The outcomes of nonmelanoma skin cancer (NMSC) in immunosuppressed and immunocompetent patients treated with surgery and radiation therapy (RT) are evaluated and compared.
Adam A. Garsa, MD, Sarah T. Arron, MD, PhD, Sue S. Yom, MD, PhD; University of California, San Francisco
Purpose: To evaluate and compare the outcomes of nonmelanoma skin cancer (NMSC) in immunosuppressed and immunocompetent patients treated with surgery and radiation therapy (RT).
Methods: Between January 2004 and October 2013, 75 NMSCs in 74 patients were treated with surgery and RT with curative intent. Patients with distant metastasis at diagnosis were excluded. Patients with HIV, chronic lymphocytic leukemia (CLL), or solid-organ transplantation were classified as immunosuppressed. Rates of locoregional control and distant metastasis-free survival were estimated using the Kaplan-Meier method. Cox proportional hazards model was used for univariate and multivariate analysis. A
P value < .05 was considered statistically significant.
Results: Mean follow-up was 18.6 months (range: 2–71 mo). The mean age was 67 years (range: 41–91 yr). Of the 75 lesions, 61 (81%) were squamous cell carcinomas (SCCs) and 14 (19%) were basal cell carcinomas (BCCs); 72 lesions (96%) were in the head and neck. Staging was as follows: stage I 8%, stage II 42.7%, stage III 13.3%, and stage IV 36%. Lymph nodes were pathologically involved in 17 cases (22.7%). Disease was recurrent in 44 cases (58.6%). Perineural invasion was present in 38 cases (50.6%). In-transit metastases were present in six patients with SCC, four of whom were immunosuppressed.
RT was delivered to a median dose of 64 Gy (range: 45–74.8 Gy) in a median of 30 fractions (range: 5–45 Gy). Six patients also received adjuvant chemotherapy. Twenty-three patients were immunosuppressed, including 7 patients with HIV, 5 with CLL, and 11 with solid-organ transplantation. There were no significant differences in the patient- and treatment-related characteristics between the immunosuppressed and immunocompetent groups.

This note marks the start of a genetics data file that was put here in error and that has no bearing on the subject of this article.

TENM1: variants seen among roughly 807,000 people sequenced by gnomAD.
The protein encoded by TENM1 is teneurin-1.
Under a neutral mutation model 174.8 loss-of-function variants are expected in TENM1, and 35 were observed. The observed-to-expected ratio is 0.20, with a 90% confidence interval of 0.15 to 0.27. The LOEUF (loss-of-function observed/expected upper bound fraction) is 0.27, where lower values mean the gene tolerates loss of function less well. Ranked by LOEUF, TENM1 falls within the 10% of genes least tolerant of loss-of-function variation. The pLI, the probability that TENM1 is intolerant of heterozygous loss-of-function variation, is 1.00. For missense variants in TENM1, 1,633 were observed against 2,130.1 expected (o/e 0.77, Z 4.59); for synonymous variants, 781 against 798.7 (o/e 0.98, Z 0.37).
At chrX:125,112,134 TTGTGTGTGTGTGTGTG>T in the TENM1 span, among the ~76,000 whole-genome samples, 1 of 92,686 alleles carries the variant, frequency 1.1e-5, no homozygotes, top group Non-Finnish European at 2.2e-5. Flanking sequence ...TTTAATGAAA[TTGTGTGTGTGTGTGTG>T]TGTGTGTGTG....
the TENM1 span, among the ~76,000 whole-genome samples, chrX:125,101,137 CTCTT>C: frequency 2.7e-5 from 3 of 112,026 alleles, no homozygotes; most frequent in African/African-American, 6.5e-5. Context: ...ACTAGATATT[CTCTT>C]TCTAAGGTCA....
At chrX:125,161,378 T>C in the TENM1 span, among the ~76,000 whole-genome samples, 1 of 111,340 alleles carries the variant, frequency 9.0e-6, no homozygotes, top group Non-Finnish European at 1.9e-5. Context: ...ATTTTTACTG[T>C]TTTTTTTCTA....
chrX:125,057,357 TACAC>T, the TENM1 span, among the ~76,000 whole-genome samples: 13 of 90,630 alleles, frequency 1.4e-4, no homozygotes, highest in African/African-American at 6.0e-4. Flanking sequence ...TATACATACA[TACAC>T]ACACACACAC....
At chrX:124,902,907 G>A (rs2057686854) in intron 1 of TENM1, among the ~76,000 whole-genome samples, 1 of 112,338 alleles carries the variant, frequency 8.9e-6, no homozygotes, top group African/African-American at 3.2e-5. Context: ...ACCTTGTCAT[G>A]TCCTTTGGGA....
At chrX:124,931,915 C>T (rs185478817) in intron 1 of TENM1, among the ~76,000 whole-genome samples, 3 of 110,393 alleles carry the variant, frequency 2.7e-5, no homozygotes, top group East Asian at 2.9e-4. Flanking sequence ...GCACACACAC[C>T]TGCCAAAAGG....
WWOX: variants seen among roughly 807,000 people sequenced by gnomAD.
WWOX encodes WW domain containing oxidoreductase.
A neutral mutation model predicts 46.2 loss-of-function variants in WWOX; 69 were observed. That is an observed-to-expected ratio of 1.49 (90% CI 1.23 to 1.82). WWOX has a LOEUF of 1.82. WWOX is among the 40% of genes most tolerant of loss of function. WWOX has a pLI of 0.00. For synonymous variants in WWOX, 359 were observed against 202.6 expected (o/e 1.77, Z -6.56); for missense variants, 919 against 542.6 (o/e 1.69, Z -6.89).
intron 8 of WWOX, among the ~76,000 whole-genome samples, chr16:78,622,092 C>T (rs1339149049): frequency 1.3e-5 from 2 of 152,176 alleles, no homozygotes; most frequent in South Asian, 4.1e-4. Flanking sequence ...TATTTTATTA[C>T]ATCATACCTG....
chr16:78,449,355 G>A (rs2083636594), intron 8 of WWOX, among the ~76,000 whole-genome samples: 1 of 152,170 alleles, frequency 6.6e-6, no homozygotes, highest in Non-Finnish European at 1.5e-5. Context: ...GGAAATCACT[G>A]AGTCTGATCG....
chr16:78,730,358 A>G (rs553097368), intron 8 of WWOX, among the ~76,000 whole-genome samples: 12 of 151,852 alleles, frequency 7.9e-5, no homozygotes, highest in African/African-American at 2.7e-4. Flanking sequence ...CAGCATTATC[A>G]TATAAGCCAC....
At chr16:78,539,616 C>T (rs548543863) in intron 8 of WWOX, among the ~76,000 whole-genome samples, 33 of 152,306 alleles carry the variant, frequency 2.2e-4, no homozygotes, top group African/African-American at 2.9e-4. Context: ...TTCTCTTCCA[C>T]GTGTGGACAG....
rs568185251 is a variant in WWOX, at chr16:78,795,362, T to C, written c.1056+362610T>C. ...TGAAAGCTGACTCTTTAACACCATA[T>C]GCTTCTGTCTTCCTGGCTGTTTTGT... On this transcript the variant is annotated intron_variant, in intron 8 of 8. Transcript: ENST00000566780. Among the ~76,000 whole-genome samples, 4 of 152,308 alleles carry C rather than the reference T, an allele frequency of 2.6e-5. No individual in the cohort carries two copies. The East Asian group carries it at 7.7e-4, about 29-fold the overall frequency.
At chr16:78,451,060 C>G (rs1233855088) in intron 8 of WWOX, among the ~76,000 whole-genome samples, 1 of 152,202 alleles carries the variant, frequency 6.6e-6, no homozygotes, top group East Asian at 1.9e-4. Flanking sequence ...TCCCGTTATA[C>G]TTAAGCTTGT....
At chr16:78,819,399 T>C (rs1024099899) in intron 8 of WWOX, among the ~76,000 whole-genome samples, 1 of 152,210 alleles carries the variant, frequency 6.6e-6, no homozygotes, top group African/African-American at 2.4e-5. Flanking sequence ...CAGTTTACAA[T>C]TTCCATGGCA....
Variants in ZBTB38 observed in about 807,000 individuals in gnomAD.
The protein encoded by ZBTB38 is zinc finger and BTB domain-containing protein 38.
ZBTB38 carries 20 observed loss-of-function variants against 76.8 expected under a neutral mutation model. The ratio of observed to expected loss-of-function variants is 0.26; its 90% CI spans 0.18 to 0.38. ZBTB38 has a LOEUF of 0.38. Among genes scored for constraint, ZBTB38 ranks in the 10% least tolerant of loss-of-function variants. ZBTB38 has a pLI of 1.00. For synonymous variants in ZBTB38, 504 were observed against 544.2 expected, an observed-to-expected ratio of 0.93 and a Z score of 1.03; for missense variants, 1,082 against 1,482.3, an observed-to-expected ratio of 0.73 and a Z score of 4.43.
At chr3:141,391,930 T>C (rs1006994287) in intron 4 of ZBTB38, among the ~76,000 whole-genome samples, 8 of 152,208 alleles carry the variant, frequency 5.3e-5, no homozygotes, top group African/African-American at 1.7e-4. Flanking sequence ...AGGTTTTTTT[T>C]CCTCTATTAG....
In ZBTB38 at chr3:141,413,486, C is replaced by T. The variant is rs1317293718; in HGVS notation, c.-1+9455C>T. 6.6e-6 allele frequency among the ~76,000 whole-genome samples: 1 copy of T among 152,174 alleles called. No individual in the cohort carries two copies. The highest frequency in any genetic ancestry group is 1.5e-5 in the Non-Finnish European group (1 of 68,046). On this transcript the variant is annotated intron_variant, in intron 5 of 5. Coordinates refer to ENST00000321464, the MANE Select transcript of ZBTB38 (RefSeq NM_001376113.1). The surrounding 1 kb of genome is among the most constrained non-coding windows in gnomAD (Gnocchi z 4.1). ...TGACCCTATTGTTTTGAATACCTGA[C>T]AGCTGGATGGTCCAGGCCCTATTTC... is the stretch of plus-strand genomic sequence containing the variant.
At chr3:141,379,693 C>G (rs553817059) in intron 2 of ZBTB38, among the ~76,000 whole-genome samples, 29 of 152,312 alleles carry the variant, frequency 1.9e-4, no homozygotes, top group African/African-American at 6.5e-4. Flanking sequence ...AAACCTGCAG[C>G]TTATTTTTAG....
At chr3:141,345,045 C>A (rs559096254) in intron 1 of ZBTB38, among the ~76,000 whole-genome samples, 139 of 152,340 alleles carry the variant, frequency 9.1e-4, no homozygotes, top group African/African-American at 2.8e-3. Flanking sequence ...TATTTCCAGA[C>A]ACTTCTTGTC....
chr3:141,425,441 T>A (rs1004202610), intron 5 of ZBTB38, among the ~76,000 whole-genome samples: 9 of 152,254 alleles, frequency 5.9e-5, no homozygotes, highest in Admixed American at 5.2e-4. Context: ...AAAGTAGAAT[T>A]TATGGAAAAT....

The Kaplan-Meier–estimated local control, regional control, and distant metastasis-free survival at 2 years were 77.4%, 87.1%, and 93.6%, respectively. Univariate analysis to identify variables associated with recurrence included the following variables: histology, primary tumor stage, nodal stage, stage grouping, margin status, recurrent tumor, perineural invasion, named nerve involvement, in-transit metastasis, extranodal extension, dose, and immunosuppression. In-transit metastasis was the only significant predictor of local recurrence (hazard ratio [HR] = 6.94; 95% confidence interval [CI], 1.82–26.3; P = .004). Both immunosuppression and in-transit metastasis were significant predictors of regional recurrence on univariate analysis. However, only in-transit metastasis remained significant on multivariate analysis (HR = 12.7; 95% CI, 3.04–52.6; P < .001). In-transit metastasis was the only predictor of distant metastases (HR = 45.5; 95% CI, 4.69–500; P = .001). Of the six patients with in-transit metastases, four developed locoregional recurrence and three developed metastatic disease, all within 4 months of the completion of RT. Three of the four patients with in-transit metastases who developed recurrence were immunosuppressed. Testing for sets of multiple negative factors other than in-transit metastases revealed no combinations predictive of recurrence.
Conclusions: In patients with high-risk NMSC treated with surgery followed by RT, in-transit metastasis is significantly associated with worse locoregional control and with a higher risk of distant metastasis. In-transit metastases were only observed in SCC and were more common in immunosuppressed patients. Intensification of therapy and reduction of immunosuppression should be part of the treatment strategy for patients with in-transit metastases.